The following was written by H. Glenn Penny, Professor of History at the University of Iowa, and is reprinted here with Professor Penny’s permission. Professor Penny was one of the organizers of the October, 2016 Oberman Humanities Symposium (University of Iowa) “German Iowa and the Global Midwest.” This article appeared in the Iowa City Press-Citizen as a Guest Opinion, September 21, 2016.
“Iowa: The Home for Immigrants”
by H. Glenn Penny, Professor of History, UI
That was the title of the 1870 volume published by the Iowa Board for Immigration in Des Moines. It was translated into multiple languages and distributed across Northern Europe. The goal was to spur Europeans to abandon their home and move to the state.
And it worked. Germans were the most numerous group to arrive. In fact, German immigrants consistently accounted for the largest number of foreign-born people in Iowa from the 1850s through the 1870s. While today we focus on recent immigrants from Latin America and Southeast Asia, our state remains deeply impacted by an earlier group of newcomers.
As waves of German immigrants arrived in Iowa over more than a century, they created much of the built environment. German Iowans created land; they built farms, towns and neigborhoods; they founded countless social organizations, such as singing clubs, shooting societies and the gymnastics or “Turner” associations. Some of those Turner halls can still be seen in Iowa towns today. Germans dominated local government in many cities and counties. They built some of the first and finest churches and synagogues, including the stunning St. Boniface Church in New Vienna. They founded untold numbers of banks, businesses, industries and many of the 130 or more breweries established in the state by 1880. They also supported more than 60 German-language newspapers, three of which were in Iowa City. They created bilingual schools, and they lived in multilingual and multicultural neighborhoods.
From St. Paul, Minn., to St. Louis, the Mississippi was essentially a German river. Every river town on the Iowan side was filled with German speakers from the 1850s through World War I. In fact, the German language was so widespread that many German-Iowans lived here for decades without ever learning English. Within a year of the United States entering the war, however, Iowa Gov. William L. Harding issued the Babel Proclamation, forbidding the use of foreign languages.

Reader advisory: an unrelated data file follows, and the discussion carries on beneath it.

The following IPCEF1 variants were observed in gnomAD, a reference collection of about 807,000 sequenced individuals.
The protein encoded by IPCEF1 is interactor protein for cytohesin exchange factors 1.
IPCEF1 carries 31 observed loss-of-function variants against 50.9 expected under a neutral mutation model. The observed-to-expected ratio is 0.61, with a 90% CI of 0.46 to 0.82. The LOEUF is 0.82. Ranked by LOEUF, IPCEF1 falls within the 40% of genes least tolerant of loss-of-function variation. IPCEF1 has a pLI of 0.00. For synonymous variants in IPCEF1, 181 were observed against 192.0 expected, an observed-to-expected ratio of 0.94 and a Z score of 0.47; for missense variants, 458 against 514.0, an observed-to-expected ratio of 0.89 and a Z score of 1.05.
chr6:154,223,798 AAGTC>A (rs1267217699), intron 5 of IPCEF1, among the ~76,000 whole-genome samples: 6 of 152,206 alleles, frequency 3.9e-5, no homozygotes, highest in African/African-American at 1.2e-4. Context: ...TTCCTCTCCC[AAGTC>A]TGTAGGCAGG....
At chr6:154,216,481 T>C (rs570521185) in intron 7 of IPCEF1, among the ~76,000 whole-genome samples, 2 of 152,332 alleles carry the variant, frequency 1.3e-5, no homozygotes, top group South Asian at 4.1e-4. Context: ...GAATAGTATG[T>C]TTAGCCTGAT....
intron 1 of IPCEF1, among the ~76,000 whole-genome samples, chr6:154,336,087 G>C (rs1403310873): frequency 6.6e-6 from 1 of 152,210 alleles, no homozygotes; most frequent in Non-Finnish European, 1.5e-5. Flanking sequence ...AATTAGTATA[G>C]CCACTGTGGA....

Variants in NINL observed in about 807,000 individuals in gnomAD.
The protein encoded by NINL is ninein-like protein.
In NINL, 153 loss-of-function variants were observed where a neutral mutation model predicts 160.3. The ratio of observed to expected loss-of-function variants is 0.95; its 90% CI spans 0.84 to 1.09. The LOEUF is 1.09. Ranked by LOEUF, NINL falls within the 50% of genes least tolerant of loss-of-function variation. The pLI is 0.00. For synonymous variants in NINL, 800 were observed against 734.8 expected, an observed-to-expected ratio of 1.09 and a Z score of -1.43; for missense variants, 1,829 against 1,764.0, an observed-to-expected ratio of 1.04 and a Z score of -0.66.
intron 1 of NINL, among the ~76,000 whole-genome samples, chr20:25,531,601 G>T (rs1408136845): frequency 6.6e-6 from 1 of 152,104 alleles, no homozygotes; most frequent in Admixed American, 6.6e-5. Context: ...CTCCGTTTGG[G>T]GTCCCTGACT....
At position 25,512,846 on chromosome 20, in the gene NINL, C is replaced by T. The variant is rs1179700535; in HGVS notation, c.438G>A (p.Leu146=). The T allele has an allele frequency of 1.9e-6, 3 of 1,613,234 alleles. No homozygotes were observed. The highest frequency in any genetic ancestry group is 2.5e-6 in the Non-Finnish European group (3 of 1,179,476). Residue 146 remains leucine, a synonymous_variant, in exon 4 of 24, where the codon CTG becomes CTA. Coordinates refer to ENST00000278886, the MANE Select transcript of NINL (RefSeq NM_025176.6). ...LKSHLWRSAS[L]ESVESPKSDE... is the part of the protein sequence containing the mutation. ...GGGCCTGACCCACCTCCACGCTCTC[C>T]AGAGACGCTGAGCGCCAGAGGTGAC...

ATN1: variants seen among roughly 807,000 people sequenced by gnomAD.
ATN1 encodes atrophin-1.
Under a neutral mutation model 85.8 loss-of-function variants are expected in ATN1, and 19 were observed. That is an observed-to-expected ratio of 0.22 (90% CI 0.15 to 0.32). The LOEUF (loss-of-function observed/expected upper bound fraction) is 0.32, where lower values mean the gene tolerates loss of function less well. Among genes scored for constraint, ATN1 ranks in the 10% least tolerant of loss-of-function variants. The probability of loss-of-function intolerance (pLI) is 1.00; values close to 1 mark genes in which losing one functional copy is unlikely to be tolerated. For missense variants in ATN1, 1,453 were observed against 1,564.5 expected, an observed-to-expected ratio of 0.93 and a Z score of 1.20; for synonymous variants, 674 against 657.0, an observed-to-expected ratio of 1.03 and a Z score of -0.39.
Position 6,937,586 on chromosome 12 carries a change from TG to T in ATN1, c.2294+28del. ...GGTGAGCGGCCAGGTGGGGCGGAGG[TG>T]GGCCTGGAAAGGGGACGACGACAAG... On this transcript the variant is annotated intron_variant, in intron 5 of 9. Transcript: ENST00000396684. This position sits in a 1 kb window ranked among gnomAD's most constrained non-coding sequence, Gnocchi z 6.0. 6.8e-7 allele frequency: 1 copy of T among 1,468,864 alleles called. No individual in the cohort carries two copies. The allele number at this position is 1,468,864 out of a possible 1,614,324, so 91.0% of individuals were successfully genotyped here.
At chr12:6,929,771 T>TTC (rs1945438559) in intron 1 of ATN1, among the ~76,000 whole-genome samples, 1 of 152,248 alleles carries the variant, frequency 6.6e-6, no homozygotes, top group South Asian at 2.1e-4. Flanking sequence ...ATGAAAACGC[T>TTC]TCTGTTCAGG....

Not unlike the waves of anti-Muslim sentiment that followed the 9/11 attacks or the recent rise of ISIS, World War I provided a convenient excuse to transform some Americans into pariahs. Many Iowans took advantage of this moment to usurp the economic power of German-Iowans, to undercut their influence in local, municipal and state politics, and even to harass and harm them because of their ethnicity. The harassment was so grim that businesses, individuals and even towns, such as Berlin, Iowa (now Lincoln), anglicized their names to hide their identities.
Meanwhile, from Davenport to Spirit Lake, other Iowans publicly burned German books with glee. Despite the decline in the public use of German language and the transformation of many public spaces in Iowa’s cities during the war, subsequent waves of German immigrants continued to be able to speak German in Iowan homes, towns and on farm – albeit on the down low. Fast forwarding to the 21st century, and it is ironic that tight school budgets are now pushing German language classes out of Iowa’s classrooms, including here in Iowa City.
As one of the organizers of the symposium[2016 October, Iowa City], I invite you to join us in learning more about Iowa’s German immigrants. Their stories offer us insights into the vulnerability of civil liberties as well as the multicultural and multilingual history of our state.
2016, H. Glenn Penny, professor of history, University of Iowa
Readers, I invite you to share your family immigrant story here in the comment section. Why did your immigrant relative(s) come to American, what was their experience…or yours if you are foreign born.